The prosecution in any trial has the burden of proof. They must prove beyond a reasonable doubt that the person being accused is guilty. This is difficult to do when the evidence is circumstantial. Not only that, but the prosecution had no proof as to "how" Caylee Anthony died. All that was known for sure was that she had duct tape across her mouth -- something that would only seem logical in a homicide. But, the fact of the matter remained -- nobody SAW Casey put duct tape on her daughter's mouth. Nobody saw her put a body in her trunk. Nobody saw her lay a child's body in a wooded area -- nobody. We do know that she didn't report her daughter missing for 31 days, which to any sensible person seems outrageous and highly suspicious. But is it enough to convict a person of murder and sentence to death? I, personally, have a hard time with all of this. I strongly believe that Casey has knowledge of what happened to Caylee, whatever that means. And I believe there should be some justice for that, but I can tell you right now -- I would NEVER have wanted to be a juror in this trial. If you stop and think about it, how difficult would that be? A couple of the jurors have come forward finally and spoke to the media. It seemed a general consensus among most of them that they didn't believe Casey was innocent and that they wished they could've came back with a "guilty" verdict -- the prosecution just didn't present enough hard, direct evidence to do so. Put yourself in that position for a second. You feel in your gut that a person is guilty, but you know that you can't sentence them to a guilty punishment with a good conscience when there is still an iota of doubt. The one thing that bothers me the most about the trial is there was no justice for Caylee. Even if the defense's claim were true and it had been an accidental drowning that Casey covered up out of fear, something should be done. Who disposes of their child's body in that manner out of fear? But, nothing can be done now. She was acquitted. To try her again for the same crime would be double jeopardy.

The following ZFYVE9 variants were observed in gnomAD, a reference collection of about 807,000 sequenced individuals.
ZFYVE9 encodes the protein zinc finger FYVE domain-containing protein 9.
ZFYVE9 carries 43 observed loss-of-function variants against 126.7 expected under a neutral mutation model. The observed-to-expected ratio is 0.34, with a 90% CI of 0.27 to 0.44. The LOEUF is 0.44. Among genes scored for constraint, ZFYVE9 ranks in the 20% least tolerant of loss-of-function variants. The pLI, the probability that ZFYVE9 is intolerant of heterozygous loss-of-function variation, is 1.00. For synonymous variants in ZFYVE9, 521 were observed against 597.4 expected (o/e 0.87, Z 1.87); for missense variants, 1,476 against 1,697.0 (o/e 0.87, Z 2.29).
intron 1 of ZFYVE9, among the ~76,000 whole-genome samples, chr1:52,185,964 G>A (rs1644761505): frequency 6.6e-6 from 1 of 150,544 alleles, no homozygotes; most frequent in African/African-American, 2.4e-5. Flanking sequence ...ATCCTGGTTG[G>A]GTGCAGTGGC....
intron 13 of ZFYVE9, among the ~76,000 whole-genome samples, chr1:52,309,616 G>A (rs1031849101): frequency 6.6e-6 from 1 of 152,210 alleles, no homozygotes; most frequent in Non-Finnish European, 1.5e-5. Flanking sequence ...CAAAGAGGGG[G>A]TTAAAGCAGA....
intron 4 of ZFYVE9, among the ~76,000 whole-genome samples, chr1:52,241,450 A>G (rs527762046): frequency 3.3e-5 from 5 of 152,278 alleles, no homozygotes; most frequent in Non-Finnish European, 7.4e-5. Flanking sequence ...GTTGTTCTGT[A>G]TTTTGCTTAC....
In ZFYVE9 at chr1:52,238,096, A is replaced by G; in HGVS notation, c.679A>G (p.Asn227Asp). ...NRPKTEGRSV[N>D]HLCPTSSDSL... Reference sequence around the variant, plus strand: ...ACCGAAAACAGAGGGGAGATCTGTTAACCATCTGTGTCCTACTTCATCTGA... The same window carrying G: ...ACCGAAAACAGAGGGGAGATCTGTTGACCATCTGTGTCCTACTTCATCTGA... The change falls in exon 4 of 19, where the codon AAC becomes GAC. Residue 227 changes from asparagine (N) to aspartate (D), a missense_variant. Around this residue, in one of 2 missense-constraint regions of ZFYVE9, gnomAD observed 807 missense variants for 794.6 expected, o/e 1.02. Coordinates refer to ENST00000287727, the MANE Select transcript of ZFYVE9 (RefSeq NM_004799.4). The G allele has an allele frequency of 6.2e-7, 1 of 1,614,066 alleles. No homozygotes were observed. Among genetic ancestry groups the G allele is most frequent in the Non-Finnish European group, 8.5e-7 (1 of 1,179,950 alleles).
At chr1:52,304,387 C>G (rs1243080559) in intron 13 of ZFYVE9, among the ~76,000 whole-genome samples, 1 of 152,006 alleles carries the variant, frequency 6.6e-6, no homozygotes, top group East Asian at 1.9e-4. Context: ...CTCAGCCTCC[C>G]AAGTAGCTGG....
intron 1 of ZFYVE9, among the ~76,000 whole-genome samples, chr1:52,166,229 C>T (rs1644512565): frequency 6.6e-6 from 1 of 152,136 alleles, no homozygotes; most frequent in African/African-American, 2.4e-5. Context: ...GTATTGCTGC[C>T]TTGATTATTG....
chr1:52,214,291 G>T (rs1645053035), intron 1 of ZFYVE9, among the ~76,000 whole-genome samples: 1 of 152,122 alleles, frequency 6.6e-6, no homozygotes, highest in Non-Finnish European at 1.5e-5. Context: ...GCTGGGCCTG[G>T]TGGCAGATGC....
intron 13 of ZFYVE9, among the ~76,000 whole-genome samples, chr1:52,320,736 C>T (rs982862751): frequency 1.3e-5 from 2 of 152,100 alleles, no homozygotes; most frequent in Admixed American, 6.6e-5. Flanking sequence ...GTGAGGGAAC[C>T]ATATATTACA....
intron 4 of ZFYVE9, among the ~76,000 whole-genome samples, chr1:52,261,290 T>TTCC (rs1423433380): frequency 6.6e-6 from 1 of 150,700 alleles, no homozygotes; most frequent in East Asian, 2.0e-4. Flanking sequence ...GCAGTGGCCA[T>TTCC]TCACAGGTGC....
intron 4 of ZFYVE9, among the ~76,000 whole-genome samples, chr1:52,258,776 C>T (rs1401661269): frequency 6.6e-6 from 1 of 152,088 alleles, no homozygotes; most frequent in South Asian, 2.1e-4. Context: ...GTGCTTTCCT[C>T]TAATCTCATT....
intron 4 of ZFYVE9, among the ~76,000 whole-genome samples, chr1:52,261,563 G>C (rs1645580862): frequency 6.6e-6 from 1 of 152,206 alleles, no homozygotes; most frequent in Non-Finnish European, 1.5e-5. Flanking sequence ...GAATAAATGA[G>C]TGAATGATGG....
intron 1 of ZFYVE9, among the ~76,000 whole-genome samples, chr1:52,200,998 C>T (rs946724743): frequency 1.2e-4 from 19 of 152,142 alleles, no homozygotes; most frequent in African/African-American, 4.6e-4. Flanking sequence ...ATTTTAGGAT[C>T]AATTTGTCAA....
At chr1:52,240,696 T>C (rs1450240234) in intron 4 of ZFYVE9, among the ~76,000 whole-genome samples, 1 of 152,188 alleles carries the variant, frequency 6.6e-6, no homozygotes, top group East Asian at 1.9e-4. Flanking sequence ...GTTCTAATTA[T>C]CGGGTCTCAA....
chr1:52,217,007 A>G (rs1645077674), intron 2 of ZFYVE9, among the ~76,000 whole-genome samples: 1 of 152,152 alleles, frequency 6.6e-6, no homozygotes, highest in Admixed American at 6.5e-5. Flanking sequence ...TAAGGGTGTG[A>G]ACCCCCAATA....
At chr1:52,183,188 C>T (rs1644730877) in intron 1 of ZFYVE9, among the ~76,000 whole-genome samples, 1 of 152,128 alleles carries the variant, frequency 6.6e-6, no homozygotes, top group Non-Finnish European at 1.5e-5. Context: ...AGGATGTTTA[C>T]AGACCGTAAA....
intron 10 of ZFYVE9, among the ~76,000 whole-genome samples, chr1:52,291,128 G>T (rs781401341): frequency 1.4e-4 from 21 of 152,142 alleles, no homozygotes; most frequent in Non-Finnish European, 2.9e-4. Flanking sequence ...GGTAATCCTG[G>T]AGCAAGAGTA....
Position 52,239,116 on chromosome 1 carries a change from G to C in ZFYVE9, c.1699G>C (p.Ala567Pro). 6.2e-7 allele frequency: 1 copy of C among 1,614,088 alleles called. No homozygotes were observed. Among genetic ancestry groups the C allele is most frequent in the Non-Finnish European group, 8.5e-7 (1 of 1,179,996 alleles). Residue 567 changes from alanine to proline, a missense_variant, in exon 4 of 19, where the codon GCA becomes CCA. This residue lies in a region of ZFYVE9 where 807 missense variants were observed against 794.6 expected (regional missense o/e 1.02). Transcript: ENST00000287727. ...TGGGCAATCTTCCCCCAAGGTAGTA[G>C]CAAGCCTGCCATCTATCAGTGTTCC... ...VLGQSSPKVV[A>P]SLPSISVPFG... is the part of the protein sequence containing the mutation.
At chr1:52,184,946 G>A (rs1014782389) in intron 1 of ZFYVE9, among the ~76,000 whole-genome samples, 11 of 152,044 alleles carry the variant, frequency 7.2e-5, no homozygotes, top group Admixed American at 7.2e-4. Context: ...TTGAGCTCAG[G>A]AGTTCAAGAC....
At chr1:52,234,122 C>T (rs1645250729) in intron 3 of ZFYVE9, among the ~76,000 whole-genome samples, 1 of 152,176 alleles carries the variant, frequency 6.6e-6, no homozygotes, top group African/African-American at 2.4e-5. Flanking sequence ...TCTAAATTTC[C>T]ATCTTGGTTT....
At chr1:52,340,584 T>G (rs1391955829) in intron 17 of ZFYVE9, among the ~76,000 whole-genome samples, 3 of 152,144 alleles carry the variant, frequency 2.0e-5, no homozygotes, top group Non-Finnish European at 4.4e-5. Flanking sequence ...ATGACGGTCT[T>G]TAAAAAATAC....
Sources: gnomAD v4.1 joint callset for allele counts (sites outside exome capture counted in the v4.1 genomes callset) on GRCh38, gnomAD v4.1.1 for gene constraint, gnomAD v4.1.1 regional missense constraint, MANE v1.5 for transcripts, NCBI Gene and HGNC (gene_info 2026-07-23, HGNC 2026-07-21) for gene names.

The term "not guilty" is interesting in the fact that the defendant isn't declared "innocent." Like I mentioned earlier, I do not believe Casey is innocent, but I would never want to be the one put in charge of deciding her fate. That has to weigh heavy on a person and I honestly don't know how they could do it without having some lasting effects on their psyche.